Rhode Island might seem to be a place populated by down-to-earth people, but according to a recent tally in Men’s Health magazine, Providence ranks tenth on a list of the vainest cities in the United States, just below Tampa and San Francisco. That assessment is based on a set of somewhat random factors such as sales of Botox, teeth whiteners and shapewear, as well as per-capita rates of plastic surgeons and tanning salons.
However, our Rhode Island-style vanity is of a discriminating sort, more low-key and less showy than you might see elsewhere, according to Dr. Patrick Sullivan, a plastic surgeon with a busy practice near Rhode Island Hospital. “People in New England want a really natural look,” he says. They don’t want that stretched, artificial look, or big, puffy lips. They want to go back to work the next day and have people notice that they look great, but not suspect that they’ve had work done. “That natural look isn’t easy to achieve,” Sullivan adds. “You need to have an artistic sense, as well as technique, skills and knowledge.”
Dr. Lori Polacek, a plastic surgeon based in Johnston, agrees that slow and subtle changes are the Rhode Island style. “It’s common for patients to say, ‘What can you do for me in the office, I don’t want surgery,’ ” she says. “That trend has continued to grow in the fifteen years since I started my practice.”
Encouraging that trend are improvements in the results that patients can expect from quick and easy office procedures. “It’s really changed the facelift market, because for a minimum amount of downtime, you can get changes that could only be achieved with a facelift before,” says Dr. Richard Zienowicz, a plastic surgeon in Providence. “I think it’s very positive. We’re all constantly aging, and to have something done that within a few days looks like you’ve had ten years taken off, with essentially no downtime, it’s dramatic.”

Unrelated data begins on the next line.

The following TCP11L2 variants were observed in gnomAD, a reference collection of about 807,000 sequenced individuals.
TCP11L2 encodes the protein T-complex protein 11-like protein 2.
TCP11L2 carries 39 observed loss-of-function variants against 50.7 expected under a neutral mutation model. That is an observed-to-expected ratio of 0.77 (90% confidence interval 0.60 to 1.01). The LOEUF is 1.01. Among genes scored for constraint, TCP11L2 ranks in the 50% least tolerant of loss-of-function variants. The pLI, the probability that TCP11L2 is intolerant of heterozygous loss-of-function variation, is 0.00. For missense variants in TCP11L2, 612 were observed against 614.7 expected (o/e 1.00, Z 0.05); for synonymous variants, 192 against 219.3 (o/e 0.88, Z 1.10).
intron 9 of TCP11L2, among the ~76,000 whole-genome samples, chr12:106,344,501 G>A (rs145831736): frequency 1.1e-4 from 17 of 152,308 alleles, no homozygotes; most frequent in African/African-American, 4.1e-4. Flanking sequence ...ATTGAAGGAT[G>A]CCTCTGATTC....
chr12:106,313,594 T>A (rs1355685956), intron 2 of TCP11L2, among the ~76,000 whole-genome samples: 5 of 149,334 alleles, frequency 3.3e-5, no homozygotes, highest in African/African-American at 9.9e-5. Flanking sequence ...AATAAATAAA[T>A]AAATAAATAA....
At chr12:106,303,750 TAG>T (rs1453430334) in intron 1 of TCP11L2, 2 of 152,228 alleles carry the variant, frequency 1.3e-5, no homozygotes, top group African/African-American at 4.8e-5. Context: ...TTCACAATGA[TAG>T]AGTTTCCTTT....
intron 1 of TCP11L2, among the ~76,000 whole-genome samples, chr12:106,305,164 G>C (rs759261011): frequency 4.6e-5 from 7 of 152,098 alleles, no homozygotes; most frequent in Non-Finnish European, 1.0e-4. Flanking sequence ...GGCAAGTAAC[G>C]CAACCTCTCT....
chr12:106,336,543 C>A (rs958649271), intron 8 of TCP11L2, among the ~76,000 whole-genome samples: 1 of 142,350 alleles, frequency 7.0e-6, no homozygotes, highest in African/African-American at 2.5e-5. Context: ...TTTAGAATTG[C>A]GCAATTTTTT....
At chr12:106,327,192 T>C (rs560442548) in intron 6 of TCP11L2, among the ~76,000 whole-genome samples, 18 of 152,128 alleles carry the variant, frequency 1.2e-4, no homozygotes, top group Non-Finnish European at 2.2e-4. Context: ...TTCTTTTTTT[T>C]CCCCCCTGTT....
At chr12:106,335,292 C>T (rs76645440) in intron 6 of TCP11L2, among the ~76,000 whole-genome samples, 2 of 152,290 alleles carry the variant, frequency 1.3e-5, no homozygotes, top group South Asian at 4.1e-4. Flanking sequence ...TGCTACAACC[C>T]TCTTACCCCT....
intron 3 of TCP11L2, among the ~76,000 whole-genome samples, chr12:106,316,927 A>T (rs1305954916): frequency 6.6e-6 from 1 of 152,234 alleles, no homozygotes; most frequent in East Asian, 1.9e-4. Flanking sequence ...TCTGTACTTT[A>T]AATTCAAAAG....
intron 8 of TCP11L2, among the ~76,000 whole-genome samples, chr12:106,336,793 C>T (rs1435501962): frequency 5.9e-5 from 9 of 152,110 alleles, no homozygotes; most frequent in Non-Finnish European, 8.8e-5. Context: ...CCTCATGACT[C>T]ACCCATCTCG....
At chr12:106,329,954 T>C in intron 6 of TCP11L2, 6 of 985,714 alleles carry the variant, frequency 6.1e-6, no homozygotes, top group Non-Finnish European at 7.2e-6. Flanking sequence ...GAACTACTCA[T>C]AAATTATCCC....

Any number of motivations can drive men and women from their thirties into their eighties, from all walks of life, into these doctors’ offices. Many cite professional concerns, and the need to compete with younger people in the workplace. Others may be re-entering the dating scene at mid-life and hope to make a good first impression. For others, it’s just something positive they can do for themselves, like getting a facial or a manicure. Despite the economic crunch of the last few years, demand has continued to grow.
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